Mongolian Horse: 10 Things You Didn’t Know About Mongolian Horses

Mongolian Horse: The Mongolian Horse, a remarkable and enduring breed, holds a central place in the heart of Mongolia’s culture and history.

With a population surpassing that of humans, these horses exemplify incredible strength, capable of enduring extreme weather and covering vast distances. From their unique relationship with the nomadic herders to being a symbol of fortune and power, the Mongolian Horse stands as an embodiment of the nation’s spirit and heritage.

Mongolian Horse 10 Facts

1:- Mongolian Horses Outnumber the Human Population

In Mongolia, there are more horses—4,093,000—than people—3,350,00.

2:- Mongolian Horse Has Extraordinary Strength, Endurance, and Stamina

Mongolian horses graze outdoors all year long in weather that ranges from -42°C in the winter to +40°C in the summer. They are able to withstand extreme weather by foraging on steppes, protecting mountain valleys from snowstorms, hoofing snow layers to reveal dried grass for self-feeding, and drinking snow water.

The tough environment and semi-wild lifestyle of Mongolian horses increase their power and endurance. They can gallop with a rider for 30 km without slowing down and can carry a rider for 65 to 80 km in a day.

3:- Famous Mongolian Drink Fermented Mare Milk

fermented mare milk, or kumis The most well-known beverage in Mongolia is called airbag. You can become more thirsty without just drinking something. The Airag is high in vitamins and can be used as a meal substitute or to supplement a diet by providing additional nutrients. The Airag season, however, only lasts from 20 June to 20 September.

Mongolian Horse

4:- Mongolian Horse Costs Tens to Hundreds of Thousands of United States Dollars

Due to the popularity of horse racing and the fact that Mongolian men take pride in their attractive, fast horses, Mongolian horses can cost thousands of dollars. The horse that won the state Naadam Festival horse race costs the most, between 245,000 and 280.000 dollars.

Even though they haven’t won a race, the horses that are offspring of the champion mares or father horses pay between 35,000 and 70.000 dollars. The cost of the provincial Naadam champions ranges from 7000 to 14.000 dollars, while the average horse for labor and transportation costs about 530 dollars.

5:- Few Mongolian horses live long

A tamed horse lives 25 to 30 years on average. Few horses, such as race champions or horses that have been blessed, do, nevertheless, live a very long time in Mongolia. Horse lovers may be heartbroken to learn why Mongolian horses do not live long. Since the nomads’ way of existence depends entirely on their animals, Mongolian herders breed livestock and horses to support their livelihood rather than for personal enjoyment. They trade and kill the animals as a result before they become too old.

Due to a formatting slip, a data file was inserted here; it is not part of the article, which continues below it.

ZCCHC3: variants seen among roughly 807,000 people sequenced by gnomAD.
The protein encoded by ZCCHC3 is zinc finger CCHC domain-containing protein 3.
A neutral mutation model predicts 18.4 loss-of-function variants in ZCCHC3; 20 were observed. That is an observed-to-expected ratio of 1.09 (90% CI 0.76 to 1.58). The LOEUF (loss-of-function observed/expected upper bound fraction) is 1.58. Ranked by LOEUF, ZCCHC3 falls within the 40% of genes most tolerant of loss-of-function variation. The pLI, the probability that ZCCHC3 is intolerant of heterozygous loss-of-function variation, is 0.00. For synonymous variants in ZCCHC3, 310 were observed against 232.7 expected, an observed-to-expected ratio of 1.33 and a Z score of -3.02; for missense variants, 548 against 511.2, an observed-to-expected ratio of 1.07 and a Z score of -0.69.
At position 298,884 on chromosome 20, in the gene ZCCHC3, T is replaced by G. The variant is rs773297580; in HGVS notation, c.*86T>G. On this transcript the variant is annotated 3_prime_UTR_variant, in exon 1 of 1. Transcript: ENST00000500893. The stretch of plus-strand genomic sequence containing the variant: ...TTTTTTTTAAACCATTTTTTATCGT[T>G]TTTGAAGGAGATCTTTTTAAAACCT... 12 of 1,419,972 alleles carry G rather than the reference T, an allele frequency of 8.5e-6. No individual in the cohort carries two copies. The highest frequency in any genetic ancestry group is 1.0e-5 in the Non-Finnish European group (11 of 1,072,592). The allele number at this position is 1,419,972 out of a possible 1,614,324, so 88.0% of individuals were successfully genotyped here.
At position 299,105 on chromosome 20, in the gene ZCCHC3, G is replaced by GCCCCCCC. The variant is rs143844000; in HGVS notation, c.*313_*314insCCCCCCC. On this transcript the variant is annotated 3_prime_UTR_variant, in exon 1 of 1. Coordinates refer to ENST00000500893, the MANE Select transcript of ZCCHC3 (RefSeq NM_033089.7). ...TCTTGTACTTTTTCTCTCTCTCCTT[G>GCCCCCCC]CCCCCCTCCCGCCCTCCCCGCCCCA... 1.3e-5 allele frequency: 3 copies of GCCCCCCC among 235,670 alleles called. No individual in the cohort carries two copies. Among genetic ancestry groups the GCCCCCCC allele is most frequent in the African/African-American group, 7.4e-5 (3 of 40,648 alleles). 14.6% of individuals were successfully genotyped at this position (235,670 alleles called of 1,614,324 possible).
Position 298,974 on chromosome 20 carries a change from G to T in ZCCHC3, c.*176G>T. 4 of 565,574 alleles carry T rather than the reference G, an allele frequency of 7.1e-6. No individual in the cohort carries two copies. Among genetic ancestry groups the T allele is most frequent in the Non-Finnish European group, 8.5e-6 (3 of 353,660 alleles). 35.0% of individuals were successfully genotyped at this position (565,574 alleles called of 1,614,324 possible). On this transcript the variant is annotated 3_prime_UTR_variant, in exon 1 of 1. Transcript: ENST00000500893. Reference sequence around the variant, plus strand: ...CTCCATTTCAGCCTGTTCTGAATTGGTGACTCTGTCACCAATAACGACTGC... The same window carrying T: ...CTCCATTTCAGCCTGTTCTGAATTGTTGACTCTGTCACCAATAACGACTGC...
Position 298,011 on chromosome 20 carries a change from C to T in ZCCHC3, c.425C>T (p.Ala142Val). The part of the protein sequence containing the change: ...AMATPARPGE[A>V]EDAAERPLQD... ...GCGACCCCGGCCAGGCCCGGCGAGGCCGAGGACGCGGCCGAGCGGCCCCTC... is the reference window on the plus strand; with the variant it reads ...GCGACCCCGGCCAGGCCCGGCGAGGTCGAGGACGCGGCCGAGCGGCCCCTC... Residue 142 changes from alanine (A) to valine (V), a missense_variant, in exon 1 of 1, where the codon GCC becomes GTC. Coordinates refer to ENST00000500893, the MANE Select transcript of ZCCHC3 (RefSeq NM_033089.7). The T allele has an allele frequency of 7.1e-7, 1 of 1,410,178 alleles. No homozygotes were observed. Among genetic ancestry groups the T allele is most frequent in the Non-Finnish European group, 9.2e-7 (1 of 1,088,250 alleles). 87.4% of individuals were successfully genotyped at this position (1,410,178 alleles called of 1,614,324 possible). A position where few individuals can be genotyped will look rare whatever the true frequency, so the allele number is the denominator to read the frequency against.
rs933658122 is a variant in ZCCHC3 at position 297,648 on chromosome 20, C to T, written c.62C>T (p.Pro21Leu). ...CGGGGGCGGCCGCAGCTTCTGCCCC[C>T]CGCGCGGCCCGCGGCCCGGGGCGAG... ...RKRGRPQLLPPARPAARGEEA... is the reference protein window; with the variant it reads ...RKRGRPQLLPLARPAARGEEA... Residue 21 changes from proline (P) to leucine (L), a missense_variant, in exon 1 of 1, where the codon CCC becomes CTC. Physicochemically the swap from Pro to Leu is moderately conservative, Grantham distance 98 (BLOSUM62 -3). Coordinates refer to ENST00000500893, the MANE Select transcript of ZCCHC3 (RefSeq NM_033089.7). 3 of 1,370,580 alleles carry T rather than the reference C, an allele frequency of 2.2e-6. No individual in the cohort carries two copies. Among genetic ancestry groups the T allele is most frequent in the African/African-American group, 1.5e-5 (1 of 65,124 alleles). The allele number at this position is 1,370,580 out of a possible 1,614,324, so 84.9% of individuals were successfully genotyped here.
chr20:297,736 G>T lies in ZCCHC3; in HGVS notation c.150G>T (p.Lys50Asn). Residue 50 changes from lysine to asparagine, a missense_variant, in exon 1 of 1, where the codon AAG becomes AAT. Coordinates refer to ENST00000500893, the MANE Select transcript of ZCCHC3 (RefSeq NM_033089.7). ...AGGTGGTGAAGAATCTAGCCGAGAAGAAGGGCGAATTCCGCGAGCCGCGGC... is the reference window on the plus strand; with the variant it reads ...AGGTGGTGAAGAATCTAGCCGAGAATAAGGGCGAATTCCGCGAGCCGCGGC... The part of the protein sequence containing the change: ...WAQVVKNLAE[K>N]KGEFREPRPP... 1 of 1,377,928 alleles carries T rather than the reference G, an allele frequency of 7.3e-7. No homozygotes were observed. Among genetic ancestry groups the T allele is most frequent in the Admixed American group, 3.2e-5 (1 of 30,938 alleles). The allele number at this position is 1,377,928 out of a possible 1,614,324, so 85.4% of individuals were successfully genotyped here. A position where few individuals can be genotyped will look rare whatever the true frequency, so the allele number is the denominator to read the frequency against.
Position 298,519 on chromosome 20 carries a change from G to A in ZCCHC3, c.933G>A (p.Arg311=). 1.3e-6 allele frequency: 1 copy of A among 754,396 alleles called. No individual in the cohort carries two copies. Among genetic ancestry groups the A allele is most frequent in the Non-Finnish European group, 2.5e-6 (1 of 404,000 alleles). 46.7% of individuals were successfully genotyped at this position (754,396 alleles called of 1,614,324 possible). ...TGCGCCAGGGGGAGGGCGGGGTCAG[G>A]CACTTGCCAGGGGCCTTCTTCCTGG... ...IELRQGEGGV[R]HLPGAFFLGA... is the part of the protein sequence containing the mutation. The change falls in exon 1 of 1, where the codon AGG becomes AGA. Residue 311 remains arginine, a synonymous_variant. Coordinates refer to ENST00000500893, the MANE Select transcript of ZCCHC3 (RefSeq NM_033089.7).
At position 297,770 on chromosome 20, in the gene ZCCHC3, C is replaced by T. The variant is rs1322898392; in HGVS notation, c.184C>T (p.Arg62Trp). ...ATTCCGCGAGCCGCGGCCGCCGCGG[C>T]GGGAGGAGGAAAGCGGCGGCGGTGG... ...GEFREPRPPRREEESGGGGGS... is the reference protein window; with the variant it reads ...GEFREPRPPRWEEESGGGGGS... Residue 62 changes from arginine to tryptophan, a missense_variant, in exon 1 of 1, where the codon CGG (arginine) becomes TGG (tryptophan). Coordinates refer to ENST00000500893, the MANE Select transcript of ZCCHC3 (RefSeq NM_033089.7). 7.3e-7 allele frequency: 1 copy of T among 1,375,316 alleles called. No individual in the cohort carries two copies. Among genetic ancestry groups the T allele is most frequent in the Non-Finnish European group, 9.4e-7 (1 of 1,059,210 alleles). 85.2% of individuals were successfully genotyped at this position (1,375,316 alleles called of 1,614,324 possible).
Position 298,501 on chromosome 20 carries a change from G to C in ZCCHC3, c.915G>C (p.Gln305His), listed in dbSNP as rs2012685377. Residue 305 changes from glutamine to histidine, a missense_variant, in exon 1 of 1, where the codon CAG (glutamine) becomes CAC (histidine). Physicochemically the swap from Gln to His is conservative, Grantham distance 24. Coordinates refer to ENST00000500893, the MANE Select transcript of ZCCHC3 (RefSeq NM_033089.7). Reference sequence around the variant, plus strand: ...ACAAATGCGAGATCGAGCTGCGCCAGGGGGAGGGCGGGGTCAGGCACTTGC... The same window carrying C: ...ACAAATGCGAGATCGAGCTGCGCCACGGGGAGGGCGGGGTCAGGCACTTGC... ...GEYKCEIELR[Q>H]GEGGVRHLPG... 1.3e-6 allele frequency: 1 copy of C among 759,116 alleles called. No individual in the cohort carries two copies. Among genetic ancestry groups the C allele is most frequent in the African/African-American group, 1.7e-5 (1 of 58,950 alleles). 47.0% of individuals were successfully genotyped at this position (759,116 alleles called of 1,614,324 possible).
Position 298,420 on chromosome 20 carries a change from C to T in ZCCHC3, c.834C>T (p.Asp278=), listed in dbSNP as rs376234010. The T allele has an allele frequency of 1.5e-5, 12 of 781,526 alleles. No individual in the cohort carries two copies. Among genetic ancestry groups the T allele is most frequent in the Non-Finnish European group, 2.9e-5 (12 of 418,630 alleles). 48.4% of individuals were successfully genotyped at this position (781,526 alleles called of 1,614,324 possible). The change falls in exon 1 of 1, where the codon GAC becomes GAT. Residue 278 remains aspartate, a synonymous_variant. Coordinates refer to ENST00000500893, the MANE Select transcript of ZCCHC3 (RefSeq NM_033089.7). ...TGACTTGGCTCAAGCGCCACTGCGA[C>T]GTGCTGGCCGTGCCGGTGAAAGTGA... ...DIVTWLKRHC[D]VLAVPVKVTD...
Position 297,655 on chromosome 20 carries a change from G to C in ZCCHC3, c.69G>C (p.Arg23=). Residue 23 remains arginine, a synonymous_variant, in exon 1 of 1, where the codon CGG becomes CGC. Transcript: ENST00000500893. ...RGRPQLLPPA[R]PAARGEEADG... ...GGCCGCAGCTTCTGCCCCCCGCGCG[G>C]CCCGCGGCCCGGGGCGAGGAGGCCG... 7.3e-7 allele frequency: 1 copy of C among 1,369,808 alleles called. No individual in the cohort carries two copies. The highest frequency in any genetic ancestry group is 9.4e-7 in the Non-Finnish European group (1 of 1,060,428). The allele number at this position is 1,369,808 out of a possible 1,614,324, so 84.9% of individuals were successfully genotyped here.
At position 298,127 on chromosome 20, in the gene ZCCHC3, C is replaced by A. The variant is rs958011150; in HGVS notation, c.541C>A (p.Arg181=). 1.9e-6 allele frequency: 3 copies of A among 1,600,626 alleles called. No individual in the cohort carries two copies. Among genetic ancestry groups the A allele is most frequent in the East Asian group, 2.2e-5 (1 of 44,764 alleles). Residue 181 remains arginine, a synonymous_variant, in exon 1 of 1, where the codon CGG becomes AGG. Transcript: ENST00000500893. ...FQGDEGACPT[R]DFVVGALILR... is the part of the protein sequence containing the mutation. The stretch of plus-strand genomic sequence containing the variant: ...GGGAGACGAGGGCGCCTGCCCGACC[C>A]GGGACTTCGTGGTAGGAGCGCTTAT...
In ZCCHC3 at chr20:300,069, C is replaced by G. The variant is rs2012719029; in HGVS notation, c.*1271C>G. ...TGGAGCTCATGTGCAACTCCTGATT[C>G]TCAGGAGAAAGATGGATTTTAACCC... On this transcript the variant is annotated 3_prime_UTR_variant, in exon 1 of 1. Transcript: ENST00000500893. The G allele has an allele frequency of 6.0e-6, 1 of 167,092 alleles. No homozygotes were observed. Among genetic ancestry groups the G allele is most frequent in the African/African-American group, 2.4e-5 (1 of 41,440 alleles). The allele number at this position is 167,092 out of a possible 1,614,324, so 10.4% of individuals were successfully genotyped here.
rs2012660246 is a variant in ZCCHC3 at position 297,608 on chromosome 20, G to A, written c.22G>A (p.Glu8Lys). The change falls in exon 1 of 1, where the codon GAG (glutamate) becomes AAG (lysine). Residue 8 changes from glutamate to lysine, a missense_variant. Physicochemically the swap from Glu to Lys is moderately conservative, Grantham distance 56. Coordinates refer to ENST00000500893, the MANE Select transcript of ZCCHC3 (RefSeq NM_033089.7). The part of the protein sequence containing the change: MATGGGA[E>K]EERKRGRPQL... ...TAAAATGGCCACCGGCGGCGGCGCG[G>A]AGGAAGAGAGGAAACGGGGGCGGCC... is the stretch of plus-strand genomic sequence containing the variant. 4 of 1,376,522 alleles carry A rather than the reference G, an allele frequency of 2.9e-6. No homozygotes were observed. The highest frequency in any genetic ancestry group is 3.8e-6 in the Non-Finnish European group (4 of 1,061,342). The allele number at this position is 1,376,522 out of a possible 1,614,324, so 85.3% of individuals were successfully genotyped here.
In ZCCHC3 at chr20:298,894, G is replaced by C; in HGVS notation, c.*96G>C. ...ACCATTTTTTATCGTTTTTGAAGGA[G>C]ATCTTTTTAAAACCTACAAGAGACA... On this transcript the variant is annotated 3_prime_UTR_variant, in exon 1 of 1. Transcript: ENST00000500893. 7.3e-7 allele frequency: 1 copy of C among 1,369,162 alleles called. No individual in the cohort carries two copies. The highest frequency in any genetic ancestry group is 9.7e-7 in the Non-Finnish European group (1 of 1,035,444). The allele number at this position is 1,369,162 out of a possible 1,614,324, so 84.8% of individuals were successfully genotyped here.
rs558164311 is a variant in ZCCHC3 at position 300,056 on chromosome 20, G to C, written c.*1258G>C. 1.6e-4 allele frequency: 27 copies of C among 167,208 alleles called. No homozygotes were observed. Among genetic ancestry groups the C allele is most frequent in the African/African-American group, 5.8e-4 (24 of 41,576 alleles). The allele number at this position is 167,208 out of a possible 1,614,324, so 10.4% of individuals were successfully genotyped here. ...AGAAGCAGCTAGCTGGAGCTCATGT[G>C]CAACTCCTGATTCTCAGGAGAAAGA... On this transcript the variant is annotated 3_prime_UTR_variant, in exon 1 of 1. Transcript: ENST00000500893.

6:- A Person Who Owns Numerous Horses

Over 2000 horses are owned by Mr. Onon D. He presently tends to his horses in the eastern grasslands of Dornod province, which are the best pastureland for horses. He is originally from Sergelen soum in the Tuv province.

Mongolian Horse

7:- Horse Skull on the Mountains

Horse skulls can be found close to Ovoos/carns, sacred locations on mountaintops if you travel to Mongolia. For Mongolians, the horse is a mythical animal that represents good fortune, power, and speed. Therefore, when a person’s beloved horse or racehorse passes away, their owners bury the horse’s head at an “ovoo” worship location or on a mountaintop in the hope that their beloved animals will remain in their hearts forever and be closer to heaven or the sky.

8:- Vietnam to Mongolia

A horse is said to have traveled from Vietnam to Mongolia.

The plot goes as follows: As a gift, Mongolia brought some horses to Vietnam in 1961 via train. There were two incredibly attractive dark brown and brown horses among the herd. They displayed hostile behavior toward the soldiers caring for them and the other horses. The two horses escaped once they arrived in Vietnam by scaling a high fence meant to contain them. The light brown horse evaded capture, but the brown one was.

The nomad horse rider noticed that his dark brown horse had come home later in 1963.
That was the tale of the Mongolian horse that traveled to and back from other nations. Many tales about horses that returned to their herds after being sold hundreds to thousands of kilometers away do indeed exist.

9:- The Tallest Equestrian Statue in the World

The tallest equestrian statue in the world is the 40 m tall figure of Genghis Khan. The statue, which is a suitable day trip location, is situated 55 kilometers east of Ulaanbaatar.

10:- Mongolian Horse Race in Winter

Horse racing in Mongolia takes place outside in the winter. Nevertheless, the racing distance is considerably shorter—between 15 and 18 km—than the summer horse races, which can last anywhere between 14 and 28 kilometers, depending on the age of the horses.

Conclusion

In the vast landscapes of Mongolia, the noble Mongolian Horse reigns supreme, embodying the nation’s spirit of resilience and fortitude. Their ability to withstand harsh conditions, coupled with their significance in the daily lives of the nomadic herders, makes them truly exceptional.

From the legendary Genghis Khan statue to the annual horse races, these magnificent creatures continue to inspire awe and reverence, carrying the legacy of Mongolia’s profound equestrian heritage into the future.

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